It can be difficult for businesses to identify in which conditions a valorization option is economically feasible. Using a case study on a chicory processing by-product, this report presents a methodology for a well-underpinned assessment of practical economic feasibility.
A techno-economic analysis involves establishing all unit operations within a suitable industrial processing chain (process flow diagram) and combining them with an estimation of the related capital and operational expenses to indicate the prospective technical feasibility and profitability. End-product cost estimates can be derived from the resulting economic model. Through scaling factors, the effect of scale size on product cost price is also shown.
The analysis method is founded on recognised standards as formulated by, amongst others, Sinnot (2005) and Woods (2007), originally aimed at chemical processing industries. Engineering analysis estimates drafted this way have a typical accuracy of +/- 25 to 50% of the actual project capital costs (see e.g. Couper et al., 2010). We have extended these sets of practical cost price models for chemical processes with price models for typical food, feed and biobased processes based on newest business case data from practical projects and latest literature.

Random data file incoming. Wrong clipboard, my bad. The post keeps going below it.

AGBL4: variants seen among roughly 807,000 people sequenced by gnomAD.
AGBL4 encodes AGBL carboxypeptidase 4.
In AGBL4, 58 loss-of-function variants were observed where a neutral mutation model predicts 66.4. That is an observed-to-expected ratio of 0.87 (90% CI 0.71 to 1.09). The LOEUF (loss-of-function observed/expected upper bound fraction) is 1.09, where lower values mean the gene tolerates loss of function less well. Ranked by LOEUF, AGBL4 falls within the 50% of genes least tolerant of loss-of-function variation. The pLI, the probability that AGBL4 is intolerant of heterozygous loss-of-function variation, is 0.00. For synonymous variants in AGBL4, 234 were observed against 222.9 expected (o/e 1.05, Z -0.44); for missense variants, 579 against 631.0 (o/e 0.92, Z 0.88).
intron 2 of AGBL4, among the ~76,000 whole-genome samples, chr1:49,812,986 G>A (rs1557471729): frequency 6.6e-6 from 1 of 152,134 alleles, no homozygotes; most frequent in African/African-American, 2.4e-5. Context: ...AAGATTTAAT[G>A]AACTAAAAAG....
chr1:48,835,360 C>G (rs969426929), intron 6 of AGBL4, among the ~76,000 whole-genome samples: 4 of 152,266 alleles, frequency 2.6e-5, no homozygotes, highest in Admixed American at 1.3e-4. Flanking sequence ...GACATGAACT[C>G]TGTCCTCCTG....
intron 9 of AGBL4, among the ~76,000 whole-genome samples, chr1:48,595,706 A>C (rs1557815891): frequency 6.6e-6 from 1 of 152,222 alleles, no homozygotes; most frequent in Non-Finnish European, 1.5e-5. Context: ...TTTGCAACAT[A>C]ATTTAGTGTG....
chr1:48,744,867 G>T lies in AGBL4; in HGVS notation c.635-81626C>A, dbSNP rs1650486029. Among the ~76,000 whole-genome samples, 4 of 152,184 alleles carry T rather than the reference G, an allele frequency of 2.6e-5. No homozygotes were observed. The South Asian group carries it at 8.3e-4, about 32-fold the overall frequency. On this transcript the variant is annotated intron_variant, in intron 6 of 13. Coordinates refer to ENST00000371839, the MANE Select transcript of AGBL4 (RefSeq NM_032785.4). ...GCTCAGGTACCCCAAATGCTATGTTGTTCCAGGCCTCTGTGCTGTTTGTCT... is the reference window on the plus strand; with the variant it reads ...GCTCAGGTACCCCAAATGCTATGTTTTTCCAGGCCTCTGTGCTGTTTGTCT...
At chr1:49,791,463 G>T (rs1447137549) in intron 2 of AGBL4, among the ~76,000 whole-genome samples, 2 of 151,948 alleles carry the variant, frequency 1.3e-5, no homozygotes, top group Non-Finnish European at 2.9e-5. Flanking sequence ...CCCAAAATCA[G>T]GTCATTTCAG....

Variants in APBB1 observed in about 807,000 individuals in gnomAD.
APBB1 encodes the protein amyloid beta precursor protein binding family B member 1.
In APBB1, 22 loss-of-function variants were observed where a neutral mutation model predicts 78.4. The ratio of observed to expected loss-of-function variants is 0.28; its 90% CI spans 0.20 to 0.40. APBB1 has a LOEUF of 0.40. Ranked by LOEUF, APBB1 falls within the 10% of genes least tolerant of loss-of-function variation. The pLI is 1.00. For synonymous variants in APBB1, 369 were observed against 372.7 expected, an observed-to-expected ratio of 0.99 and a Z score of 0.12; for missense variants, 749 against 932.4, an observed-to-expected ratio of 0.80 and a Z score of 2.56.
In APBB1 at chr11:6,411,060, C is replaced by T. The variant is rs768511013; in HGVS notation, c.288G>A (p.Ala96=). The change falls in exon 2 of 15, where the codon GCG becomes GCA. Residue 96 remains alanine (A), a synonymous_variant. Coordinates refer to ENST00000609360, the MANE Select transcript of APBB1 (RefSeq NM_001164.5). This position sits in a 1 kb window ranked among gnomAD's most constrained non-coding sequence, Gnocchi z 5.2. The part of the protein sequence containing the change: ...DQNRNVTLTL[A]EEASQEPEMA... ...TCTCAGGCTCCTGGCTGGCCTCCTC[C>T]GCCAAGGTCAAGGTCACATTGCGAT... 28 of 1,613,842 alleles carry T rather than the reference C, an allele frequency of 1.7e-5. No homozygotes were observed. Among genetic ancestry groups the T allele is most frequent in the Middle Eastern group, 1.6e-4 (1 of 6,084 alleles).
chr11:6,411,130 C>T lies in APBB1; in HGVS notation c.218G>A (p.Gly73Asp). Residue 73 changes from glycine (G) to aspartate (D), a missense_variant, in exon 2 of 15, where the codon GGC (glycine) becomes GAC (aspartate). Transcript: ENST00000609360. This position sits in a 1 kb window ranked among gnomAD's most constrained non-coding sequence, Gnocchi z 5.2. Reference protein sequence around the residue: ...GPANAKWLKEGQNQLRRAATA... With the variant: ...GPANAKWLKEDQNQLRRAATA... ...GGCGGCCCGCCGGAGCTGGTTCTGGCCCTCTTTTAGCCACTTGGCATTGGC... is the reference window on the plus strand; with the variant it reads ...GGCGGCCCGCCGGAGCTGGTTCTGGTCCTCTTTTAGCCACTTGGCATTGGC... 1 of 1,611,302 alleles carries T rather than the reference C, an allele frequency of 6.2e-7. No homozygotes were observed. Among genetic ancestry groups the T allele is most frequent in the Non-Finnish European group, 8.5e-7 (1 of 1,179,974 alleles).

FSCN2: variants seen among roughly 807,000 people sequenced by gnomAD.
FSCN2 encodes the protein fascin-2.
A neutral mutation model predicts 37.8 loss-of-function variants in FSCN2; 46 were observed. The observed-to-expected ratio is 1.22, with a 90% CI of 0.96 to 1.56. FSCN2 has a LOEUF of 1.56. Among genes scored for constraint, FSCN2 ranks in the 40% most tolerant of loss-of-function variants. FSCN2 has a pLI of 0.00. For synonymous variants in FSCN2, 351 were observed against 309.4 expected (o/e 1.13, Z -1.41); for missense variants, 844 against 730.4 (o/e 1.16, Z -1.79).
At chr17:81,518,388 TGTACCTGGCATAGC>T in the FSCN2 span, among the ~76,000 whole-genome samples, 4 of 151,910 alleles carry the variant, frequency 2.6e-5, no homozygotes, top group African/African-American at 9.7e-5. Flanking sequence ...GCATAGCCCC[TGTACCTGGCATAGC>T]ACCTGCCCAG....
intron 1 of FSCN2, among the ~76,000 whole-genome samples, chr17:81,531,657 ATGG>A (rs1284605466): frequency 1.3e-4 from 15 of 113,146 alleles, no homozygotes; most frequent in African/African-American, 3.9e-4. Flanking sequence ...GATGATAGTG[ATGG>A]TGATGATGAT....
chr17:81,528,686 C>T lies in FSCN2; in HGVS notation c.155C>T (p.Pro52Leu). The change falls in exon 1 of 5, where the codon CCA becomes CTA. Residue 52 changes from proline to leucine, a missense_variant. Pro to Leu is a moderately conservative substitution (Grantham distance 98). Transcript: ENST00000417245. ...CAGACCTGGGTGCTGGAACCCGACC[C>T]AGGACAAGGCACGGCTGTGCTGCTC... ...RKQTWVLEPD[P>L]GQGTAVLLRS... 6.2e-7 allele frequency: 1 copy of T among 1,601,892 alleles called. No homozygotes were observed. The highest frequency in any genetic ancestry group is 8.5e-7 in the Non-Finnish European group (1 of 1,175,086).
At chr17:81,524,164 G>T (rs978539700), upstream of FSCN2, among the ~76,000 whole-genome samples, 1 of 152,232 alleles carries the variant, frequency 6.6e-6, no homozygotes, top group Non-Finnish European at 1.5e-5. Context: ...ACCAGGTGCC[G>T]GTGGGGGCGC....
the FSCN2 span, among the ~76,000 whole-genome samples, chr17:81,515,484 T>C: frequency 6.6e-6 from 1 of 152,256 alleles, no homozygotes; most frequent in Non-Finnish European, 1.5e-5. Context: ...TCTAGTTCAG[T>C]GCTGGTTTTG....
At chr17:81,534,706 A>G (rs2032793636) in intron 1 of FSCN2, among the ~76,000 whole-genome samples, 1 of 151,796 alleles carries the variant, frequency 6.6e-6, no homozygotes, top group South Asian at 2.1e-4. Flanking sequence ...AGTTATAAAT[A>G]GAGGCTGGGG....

In this way costs of producing food waste derived product can be estimated and compared to prices of existing products in the market (replacement product). This gives an idea of the potential market position of the food waste derived product.
The case study – producing a food fibre from chicory extraction residues – shows that scale size is critical for producing the fibre at a competitive price compared to replacement product (dietary fibres) in the market. Actually at the volumes generated by a large chicory processing plant, Sensus in the Netherlands, sufficient volume is available to reach such scale.
Broeze, J., 2019: Scale up models and processes. REFRESH Deliverable D6.5